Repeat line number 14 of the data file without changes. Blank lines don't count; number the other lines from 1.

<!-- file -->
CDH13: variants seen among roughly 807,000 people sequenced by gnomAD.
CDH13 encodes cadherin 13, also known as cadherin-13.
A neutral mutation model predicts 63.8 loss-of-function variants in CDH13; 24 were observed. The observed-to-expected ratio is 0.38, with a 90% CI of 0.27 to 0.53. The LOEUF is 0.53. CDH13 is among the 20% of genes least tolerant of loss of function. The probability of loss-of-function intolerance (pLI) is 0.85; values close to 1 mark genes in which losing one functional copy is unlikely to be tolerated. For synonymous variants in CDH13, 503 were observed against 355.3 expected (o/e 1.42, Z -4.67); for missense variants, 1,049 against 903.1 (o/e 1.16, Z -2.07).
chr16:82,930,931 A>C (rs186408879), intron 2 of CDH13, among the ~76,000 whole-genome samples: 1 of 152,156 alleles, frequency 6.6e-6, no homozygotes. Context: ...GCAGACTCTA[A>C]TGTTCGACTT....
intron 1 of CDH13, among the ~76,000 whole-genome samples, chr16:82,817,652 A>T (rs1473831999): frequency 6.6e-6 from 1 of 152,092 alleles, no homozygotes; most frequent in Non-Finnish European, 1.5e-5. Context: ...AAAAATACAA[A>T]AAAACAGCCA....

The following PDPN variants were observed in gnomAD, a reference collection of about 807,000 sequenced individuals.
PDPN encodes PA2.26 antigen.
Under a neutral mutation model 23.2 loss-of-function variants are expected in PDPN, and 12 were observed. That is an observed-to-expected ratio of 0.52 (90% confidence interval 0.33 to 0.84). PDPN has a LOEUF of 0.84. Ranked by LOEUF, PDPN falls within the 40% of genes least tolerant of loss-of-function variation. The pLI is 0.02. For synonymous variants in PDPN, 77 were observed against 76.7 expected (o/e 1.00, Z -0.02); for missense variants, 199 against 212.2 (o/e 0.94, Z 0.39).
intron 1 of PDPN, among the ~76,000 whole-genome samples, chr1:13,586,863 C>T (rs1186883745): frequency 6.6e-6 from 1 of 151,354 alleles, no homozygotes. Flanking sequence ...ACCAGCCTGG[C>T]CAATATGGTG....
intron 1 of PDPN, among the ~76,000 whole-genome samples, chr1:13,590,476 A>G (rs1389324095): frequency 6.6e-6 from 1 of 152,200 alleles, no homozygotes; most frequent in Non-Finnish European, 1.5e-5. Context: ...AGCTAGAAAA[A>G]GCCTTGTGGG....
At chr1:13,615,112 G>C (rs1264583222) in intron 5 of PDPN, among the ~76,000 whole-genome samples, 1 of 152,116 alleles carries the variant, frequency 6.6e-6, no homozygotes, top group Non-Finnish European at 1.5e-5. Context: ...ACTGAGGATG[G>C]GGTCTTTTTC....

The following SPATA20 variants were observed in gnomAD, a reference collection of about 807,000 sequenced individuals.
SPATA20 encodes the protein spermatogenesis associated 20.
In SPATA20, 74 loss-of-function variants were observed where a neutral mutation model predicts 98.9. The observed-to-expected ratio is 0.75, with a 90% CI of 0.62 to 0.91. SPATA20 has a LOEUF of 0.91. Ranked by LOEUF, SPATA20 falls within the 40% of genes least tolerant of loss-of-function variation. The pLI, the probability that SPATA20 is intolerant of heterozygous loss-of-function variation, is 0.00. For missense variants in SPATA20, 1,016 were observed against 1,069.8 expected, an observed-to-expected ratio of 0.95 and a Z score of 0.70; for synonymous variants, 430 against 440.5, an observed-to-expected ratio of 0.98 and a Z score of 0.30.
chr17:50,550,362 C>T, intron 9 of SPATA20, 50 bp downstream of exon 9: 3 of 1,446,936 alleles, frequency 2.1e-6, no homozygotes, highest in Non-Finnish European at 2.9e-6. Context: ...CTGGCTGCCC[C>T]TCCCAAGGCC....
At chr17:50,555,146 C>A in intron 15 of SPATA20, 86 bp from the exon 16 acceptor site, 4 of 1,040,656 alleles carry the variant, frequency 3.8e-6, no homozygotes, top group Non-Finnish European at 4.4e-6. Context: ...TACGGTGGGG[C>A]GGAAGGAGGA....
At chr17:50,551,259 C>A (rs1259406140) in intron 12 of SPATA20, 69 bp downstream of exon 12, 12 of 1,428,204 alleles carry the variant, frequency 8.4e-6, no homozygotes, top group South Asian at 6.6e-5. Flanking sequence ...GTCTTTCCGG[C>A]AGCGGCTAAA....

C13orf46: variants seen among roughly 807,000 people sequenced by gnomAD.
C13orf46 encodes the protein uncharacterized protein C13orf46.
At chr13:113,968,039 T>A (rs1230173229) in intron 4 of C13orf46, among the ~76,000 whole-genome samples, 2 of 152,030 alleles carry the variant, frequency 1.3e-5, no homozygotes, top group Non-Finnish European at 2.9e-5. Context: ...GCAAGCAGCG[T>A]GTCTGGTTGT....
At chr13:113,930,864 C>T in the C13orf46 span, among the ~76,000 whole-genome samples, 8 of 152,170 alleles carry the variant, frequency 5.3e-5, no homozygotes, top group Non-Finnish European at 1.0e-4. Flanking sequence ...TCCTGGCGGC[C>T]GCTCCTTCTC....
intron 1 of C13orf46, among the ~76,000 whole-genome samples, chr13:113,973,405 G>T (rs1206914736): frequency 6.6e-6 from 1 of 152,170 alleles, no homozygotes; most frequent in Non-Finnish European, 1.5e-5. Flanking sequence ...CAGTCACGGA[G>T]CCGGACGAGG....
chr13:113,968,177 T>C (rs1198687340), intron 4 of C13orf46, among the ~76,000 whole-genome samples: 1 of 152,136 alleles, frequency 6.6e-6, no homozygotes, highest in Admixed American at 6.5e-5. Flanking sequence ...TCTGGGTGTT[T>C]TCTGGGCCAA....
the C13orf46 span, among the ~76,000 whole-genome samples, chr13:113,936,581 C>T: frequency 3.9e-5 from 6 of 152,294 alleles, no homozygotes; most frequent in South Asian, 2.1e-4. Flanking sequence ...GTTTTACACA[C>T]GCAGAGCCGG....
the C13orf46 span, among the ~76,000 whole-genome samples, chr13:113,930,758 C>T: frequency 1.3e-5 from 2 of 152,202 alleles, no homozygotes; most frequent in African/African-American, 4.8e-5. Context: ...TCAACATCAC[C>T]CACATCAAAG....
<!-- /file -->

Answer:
In SPATA20, 74 loss-of-function variants were observed where a neutral mutation model predicts 98.9. The observed-to-expected ratio is 0.75, with a 90% CI of 0.62 to 0.91. SPATA20 has a LOEUF of 0.91. Ranked by LOEUF, SPATA20 falls within the 40% of genes least tolerant of loss-of-function variation. The pLI, the probability that SPATA20 is intolerant of heterozygous loss-of-function variation, is 0.00. For missense variants in SPATA20, 1,016 were observed against 1,069.8 expected, an observed-to-expected ratio of 0.95 and a Z score of 0.70; for synonymous variants, 430 against 440.5, an observed-to-expected ratio of 0.98 and a Z score of 0.30.